Blair v The Chief Constable of Sussex Police [15.05.12]
Defendant in breach of Personal Protective Equipment at Work Regulations 1992 for failing to provide stronger boots for motorcycle course.
This decision is a reminder that employers should be alert to the obligations placed on them by the Personal Protective Equipment at Work Regulations 1992. Lord Justice Longmore held that the Defendant had not discharged the obligation (which was on him) of showing that he had complied with the requirements of the Regulations. However, as Longmore LJ pointed out, this did not mean that the Defendant was negligent at common law. Nor was it relevant to consider whether it would have been sensible to provide stronger boots to trainees, who would be unlikely to be wearing them in the course of their operational duties. Provided there has been a breach of the Regulations, a claim will succeed.
In practical terms, it will always be sensible for employers to prepare a risk assessment, which should identify the risks, and whether the equipment provided is effective to prevent or adequately control those risks.
On 21 May 2009 the Claimant, a serving policeman, broke his ankle and tibia whilst he was undertaking an advanced motorcycle course as part of his training with the Sussex police force. He and two other trainees were required to ride off road. Part of the track was heavily rutted. Whilst negotiating this part of the track, the motorcycle tilted. The Claimant lost control and fell over, with the motorcycle on top of his lower leg. At the time he was wearing classic clubman tourer boots (known as Alt-berg boots) which were issued as a standard item to members of the Sussex police force. At first instance his claim was dismissed. He appealed on the basis that the boots were unsuitable, in breach of the 1992 Regulations.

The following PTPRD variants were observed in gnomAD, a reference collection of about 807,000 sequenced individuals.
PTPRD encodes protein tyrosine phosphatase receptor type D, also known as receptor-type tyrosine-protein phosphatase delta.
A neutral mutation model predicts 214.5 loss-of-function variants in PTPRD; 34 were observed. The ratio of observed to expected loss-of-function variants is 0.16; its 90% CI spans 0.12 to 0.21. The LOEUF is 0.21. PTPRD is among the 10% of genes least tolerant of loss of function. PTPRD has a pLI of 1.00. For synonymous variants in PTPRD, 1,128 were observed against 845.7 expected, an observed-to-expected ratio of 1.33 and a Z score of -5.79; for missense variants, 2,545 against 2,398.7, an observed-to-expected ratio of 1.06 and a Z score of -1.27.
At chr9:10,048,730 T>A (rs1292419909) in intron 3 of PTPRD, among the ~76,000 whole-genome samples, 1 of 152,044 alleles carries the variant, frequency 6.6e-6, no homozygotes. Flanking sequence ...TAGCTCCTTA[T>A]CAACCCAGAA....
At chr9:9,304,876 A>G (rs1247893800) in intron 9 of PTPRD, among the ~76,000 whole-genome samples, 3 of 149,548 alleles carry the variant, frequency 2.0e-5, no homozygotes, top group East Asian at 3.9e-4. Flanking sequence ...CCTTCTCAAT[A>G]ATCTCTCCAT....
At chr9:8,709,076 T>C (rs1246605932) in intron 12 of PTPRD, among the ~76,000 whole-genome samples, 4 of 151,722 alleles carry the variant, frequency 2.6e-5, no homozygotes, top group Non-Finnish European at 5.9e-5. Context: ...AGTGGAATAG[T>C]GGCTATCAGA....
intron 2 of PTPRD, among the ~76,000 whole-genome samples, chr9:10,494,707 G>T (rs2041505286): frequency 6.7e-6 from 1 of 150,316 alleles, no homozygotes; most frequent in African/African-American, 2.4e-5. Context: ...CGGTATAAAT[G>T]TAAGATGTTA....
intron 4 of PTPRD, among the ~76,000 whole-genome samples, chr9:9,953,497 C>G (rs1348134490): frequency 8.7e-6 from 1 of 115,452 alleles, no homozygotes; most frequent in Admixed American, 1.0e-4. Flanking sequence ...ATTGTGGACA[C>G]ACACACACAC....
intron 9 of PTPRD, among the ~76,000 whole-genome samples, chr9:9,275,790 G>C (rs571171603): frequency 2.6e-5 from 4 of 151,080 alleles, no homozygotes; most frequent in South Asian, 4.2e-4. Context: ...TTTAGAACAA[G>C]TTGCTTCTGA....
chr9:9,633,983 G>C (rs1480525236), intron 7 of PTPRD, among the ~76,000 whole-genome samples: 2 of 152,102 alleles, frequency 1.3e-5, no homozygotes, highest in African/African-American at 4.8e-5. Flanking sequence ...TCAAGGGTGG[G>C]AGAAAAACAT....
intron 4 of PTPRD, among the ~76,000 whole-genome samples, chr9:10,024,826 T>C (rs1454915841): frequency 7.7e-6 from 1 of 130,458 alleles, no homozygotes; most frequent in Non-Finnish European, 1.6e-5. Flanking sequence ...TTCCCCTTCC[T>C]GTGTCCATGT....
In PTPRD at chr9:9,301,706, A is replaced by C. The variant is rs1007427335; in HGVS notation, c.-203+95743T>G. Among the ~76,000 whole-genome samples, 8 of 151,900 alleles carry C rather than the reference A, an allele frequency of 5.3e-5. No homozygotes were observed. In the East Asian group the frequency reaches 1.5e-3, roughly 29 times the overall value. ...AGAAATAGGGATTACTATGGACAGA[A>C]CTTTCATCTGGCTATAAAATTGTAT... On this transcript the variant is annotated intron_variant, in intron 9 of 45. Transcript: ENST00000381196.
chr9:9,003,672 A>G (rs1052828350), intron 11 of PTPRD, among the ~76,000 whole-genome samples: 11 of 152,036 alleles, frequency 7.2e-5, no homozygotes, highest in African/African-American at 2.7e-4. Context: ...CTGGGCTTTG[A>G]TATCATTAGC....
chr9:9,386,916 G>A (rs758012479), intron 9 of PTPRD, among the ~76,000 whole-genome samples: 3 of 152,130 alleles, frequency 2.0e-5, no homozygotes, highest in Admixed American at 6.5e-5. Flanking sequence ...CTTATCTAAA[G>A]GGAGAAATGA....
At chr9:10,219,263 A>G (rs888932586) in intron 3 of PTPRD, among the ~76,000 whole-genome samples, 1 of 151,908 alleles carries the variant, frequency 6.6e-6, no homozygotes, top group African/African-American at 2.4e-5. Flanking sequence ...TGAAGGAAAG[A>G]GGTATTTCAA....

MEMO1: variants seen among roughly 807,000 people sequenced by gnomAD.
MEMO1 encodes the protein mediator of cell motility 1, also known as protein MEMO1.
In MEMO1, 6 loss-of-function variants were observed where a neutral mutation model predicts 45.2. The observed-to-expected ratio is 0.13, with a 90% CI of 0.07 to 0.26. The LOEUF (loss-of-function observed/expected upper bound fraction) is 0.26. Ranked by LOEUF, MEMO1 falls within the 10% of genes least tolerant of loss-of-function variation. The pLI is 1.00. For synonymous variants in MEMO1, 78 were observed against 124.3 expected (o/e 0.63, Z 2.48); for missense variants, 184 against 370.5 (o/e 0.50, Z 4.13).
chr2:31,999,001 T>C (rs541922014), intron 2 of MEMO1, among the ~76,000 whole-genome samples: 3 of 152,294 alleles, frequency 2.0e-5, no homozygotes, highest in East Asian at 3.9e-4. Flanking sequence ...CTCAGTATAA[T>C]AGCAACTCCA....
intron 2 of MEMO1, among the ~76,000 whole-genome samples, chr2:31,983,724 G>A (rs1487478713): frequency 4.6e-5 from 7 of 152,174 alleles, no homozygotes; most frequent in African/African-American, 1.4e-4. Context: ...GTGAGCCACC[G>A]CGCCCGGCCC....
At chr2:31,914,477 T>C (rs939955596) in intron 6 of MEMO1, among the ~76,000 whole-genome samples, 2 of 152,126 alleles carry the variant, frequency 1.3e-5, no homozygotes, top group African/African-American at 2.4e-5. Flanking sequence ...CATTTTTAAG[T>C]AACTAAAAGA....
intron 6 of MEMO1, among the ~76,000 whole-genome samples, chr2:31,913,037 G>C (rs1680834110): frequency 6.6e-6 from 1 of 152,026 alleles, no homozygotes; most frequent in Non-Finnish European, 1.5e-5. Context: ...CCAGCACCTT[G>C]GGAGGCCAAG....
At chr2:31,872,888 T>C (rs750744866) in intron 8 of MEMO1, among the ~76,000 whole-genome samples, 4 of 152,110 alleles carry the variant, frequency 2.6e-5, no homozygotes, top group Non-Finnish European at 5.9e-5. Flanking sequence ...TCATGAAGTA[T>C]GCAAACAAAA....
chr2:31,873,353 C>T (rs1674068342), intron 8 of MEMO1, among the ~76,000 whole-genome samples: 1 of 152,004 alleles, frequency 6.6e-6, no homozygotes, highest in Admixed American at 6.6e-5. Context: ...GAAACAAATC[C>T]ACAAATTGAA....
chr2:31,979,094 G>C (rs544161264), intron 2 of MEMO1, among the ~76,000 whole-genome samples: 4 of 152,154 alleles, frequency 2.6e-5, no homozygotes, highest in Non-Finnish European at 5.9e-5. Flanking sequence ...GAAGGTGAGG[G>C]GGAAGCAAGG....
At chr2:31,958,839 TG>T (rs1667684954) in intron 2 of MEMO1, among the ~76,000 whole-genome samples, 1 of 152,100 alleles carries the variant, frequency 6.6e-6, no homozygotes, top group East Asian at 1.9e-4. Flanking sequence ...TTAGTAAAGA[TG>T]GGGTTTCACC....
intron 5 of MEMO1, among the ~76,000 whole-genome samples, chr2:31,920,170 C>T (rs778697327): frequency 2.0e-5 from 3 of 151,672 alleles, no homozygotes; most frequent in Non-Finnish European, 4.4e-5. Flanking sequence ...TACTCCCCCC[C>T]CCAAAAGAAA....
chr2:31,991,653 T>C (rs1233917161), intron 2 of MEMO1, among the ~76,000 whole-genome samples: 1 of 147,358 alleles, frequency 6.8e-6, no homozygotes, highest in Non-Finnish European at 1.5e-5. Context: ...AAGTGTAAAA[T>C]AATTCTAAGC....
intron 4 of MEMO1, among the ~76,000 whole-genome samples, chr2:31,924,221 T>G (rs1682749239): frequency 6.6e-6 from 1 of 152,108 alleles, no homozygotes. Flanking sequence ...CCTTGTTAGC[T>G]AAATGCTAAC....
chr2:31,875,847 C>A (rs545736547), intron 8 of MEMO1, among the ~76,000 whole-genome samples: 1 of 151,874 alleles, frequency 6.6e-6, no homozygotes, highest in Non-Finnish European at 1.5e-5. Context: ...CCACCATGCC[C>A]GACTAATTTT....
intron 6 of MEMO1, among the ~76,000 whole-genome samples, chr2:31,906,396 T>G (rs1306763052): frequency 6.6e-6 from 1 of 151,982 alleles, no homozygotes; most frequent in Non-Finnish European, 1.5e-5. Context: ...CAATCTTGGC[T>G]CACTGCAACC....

Longmore LJ allowed the Claimant’s appeal. He referred to the decision of the Court of Appeal in Threlfall v Kingston-upon-Hull City Council .
Following this decision:
- It is necessary to identify the risk of injury, and then to ask if the equipment provided was, so far as practicable, effective to prevent or adequately control that risk.
- Only if the equipment is effective, or it is not practicable to make it effective, is there any need to consider whether the equipment is appropriate within Regulation 4(3)(a) or take account of ergonomic requirements or the claimant’s state of health within Regulation 4(3)(b).
There was no doubt that the boots supplied to Mr Blair were not effective to ensure the prevention of significant injury. There was no evidence that it was impracticable to use stronger boots. The evidence of the Claimant’s orthopaedic expert, that the injuries would have been minimised if he was wearing stronger boots, was enough to prove causation.